In our culture, the main distinction we tend to make about emotion is between emotions that are pleasant vs. emotions that are unpleasant. But that isn’t the healthiest way to think about emotion, not least because it can lead to the assumption that unpleasant emotions should be avoided and pleasant emotions sought. Instead, it is better to think about emotions that are rightly orders vs. emotions that are disordered. Some rightly ordered emotions can be pleasant or unpleasant, just as some disordered emotions can be either pleasant or unpleasant.

Aristotle

The Greek philosopher Aristotle (384-322) helps us to understand the distinction between rightly ordered emotions vs. disordered emotions. Aristotle taught that properly ordered emotions play an integral role in correct thinking as well as in helping a person’s appetites be regulated by virtue. Accordingly, emotion is a type of perception—an “appearing as”— that undergirds moral thinking and decision making. For example, we feel anger when we witness an action that appears unjust, or we feel pity when we see someone suffer from evil. Rightly ordered emotion is thus integral to the concerns by which we perceive the world as moral agents. But it is also possible for disordered emotion to obscure our perception of the world. For example, if I feel envy at the good fortune of another, then my ability to rightly perceive the other person’s situation has been obscured. The goal of education, especially the education of children, is to cultivate proper habits, including the habit of responding to situations with the right emotional reaction. Without properly ordered emotions, it is impossible to achieve eudaimonia, a Greek word that is often translated happiness but more properly conveys the idea of human flourishing.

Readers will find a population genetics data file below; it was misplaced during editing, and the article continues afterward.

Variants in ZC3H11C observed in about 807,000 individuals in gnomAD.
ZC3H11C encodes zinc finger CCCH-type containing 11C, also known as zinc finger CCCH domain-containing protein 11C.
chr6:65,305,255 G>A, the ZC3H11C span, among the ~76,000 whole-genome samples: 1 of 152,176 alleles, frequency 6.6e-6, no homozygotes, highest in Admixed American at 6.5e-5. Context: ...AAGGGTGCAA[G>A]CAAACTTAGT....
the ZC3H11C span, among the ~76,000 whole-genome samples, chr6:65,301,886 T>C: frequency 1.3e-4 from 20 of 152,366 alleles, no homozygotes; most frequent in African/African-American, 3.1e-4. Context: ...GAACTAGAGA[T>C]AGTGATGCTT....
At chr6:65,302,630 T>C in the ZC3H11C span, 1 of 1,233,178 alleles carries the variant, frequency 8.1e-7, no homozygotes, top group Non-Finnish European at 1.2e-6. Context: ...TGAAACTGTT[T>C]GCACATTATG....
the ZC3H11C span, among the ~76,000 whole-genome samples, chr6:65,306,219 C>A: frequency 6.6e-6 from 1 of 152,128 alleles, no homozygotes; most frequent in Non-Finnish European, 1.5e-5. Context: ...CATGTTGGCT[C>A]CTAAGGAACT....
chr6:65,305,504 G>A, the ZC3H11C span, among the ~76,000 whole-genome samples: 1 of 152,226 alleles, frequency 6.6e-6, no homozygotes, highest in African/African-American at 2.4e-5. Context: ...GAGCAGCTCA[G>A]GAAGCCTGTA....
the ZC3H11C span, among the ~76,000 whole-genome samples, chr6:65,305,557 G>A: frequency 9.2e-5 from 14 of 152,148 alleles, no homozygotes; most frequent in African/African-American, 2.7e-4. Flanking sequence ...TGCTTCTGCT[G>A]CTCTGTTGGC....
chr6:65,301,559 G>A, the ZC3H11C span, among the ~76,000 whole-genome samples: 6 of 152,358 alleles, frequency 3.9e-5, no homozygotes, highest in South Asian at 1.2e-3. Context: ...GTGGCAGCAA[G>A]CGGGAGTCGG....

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Pain, Suffering and Resilience, Published by St. Sebastian Orthodox Press

St. Sebastian Orthodox Press has just released a new book Pain, Suffering and Resilience: Orthodox Christian Perspectives.

This collection of peer-reviewed essays explores the mystery of human suffering along with the spiritual and psychological resources that enable us to achieve resilience in the midst of pain.

The publisher explains how the work

“includes eminent scholars, clergy, physicians, and psychotherapists seeking to serve people in their respective fields, through their respective disciplines informed and guided by the depth and riches of the Orthodox Christian Faith. This is the unifying thread for each of the contributors who bring this ancient Christian perspective into dialogue with the contributions of modern psychology and medical science as they seek to address the physical, mental, emotional and spiritual dimensions of pain and human suffering in a variety of contexts.”

I was privileged to be asked to contribute a chapter to this volume on the topic of practicing gratitude during times of suffering. My essay  develops material I began exploring in my chapter on Dietrich Bonhoeffer in Saints and Scoundrels. By drawing on classic spiritual texts (i.e., The Way of the Pilgrim, The Sayings of the Desert Fathers, Dorotheus of Gaza’s Saying and Discourses, etc) and integrating them with recent developments (i.e., advances in cognitive psychology, neuroscience, the twentieth-century prison literature, etc.) I make a case that suffering and gratitude are not related like two sides of a zero-sum transaction where an increase in the former entails a decrease in the latter. Rather, by receiving our sufferings rightly, we can use them as opportunities to actually grow in the cognitive, behavioral and emotional dimensions of thankfulness. From the essay: